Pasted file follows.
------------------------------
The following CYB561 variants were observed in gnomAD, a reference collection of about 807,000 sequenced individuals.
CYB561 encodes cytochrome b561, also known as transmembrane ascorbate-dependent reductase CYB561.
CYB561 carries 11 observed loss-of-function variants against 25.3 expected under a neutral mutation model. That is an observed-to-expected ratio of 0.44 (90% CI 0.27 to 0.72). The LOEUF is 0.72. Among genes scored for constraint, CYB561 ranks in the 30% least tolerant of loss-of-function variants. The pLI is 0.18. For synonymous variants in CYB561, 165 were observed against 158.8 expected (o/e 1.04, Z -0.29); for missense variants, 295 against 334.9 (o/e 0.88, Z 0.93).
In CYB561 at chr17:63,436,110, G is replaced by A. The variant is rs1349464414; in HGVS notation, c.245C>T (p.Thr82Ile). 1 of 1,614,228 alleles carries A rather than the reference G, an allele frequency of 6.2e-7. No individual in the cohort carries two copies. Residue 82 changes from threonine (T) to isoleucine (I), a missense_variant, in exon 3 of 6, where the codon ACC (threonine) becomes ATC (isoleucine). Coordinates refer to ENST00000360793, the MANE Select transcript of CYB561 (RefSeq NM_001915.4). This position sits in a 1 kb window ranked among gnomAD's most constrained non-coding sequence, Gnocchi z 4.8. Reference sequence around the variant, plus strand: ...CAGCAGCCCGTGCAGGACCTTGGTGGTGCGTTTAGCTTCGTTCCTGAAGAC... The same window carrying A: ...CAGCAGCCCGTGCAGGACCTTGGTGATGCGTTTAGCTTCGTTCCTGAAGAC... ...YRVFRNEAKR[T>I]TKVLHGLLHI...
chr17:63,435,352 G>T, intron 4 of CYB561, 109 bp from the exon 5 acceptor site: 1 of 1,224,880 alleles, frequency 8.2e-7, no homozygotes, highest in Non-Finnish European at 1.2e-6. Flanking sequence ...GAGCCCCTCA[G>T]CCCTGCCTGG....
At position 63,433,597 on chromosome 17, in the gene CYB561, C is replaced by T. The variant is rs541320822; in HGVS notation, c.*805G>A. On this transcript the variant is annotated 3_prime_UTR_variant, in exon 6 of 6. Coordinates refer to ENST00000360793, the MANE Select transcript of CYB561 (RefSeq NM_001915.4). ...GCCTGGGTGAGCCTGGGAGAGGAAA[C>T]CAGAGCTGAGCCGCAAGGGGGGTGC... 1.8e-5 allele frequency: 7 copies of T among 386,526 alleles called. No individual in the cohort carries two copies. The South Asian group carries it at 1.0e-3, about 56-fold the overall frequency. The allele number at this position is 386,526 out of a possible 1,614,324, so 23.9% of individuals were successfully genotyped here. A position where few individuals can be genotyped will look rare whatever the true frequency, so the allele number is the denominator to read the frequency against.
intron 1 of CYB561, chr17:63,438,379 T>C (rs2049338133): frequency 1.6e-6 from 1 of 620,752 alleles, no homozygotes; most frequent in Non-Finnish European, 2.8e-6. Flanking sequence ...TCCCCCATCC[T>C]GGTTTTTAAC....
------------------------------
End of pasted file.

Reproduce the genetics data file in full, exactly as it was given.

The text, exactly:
The following CYB561 variants were observed in gnomAD, a reference collection of about 807,000 sequenced individuals.
CYB561 encodes cytochrome b561, also known as transmembrane ascorbate-dependent reductase CYB561.
CYB561 carries 11 observed loss-of-function variants against 25.3 expected under a neutral mutation model. That is an observed-to-expected ratio of 0.44 (90% CI 0.27 to 0.72). The LOEUF is 0.72. Among genes scored for constraint, CYB561 ranks in the 30% least tolerant of loss-of-function variants. The pLI is 0.18. For synonymous variants in CYB561, 165 were observed against 158.8 expected (o/e 1.04, Z -0.29); for missense variants, 295 against 334.9 (o/e 0.88, Z 0.93).
In CYB561 at chr17:63,436,110, G is replaced by A. The variant is rs1349464414; in HGVS notation, c.245C>T (p.Thr82Ile). 1 of 1,614,228 alleles carries A rather than the reference G, an allele frequency of 6.2e-7. No individual in the cohort carries two copies. Residue 82 changes from threonine (T) to isoleucine (I), a missense_variant, in exon 3 of 6, where the codon ACC (threonine) becomes ATC (isoleucine). Coordinates refer to ENST00000360793, the MANE Select transcript of CYB561 (RefSeq NM_001915.4). This position sits in a 1 kb window ranked among gnomAD's most constrained non-coding sequence, Gnocchi z 4.8. Reference sequence around the variant, plus strand: ...CAGCAGCCCGTGCAGGACCTTGGTGGTGCGTTTAGCTTCGTTCCTGAAGAC... The same window carrying A: ...CAGCAGCCCGTGCAGGACCTTGGTGATGCGTTTAGCTTCGTTCCTGAAGAC... ...YRVFRNEAKR[T>I]TKVLHGLLHI...
chr17:63,435,352 G>T, intron 4 of CYB561, 109 bp from the exon 5 acceptor site: 1 of 1,224,880 alleles, frequency 8.2e-7, no homozygotes, highest in Non-Finnish European at 1.2e-6. Flanking sequence ...GAGCCCCTCA[G>T]CCCTGCCTGG....
At position 63,433,597 on chromosome 17, in the gene CYB561, C is replaced by T. The variant is rs541320822; in HGVS notation, c.*805G>A. On this transcript the variant is annotated 3_prime_UTR_variant, in exon 6 of 6. Coordinates refer to ENST00000360793, the MANE Select transcript of CYB561 (RefSeq NM_001915.4). ...GCCTGGGTGAGCCTGGGAGAGGAAA[C>T]CAGAGCTGAGCCGCAAGGGGGGTGC... 1.8e-5 allele frequency: 7 copies of T among 386,526 alleles called. No individual in the cohort carries two copies. The South Asian group carries it at 1.0e-3, about 56-fold the overall frequency. The allele number at this position is 386,526 out of a possible 1,614,324, so 23.9% of individuals were successfully genotyped here. A position where few individuals can be genotyped will look rare whatever the true frequency, so the allele number is the denominator to read the frequency against.
intron 1 of CYB561, chr17:63,438,379 T>C (rs2049338133): frequency 1.6e-6 from 1 of 620,752 alleles, no homozygotes; most frequent in Non-Finnish European, 2.8e-6. Flanking sequence ...TCCCCCATCC[T>C]GGTTTTTAAC....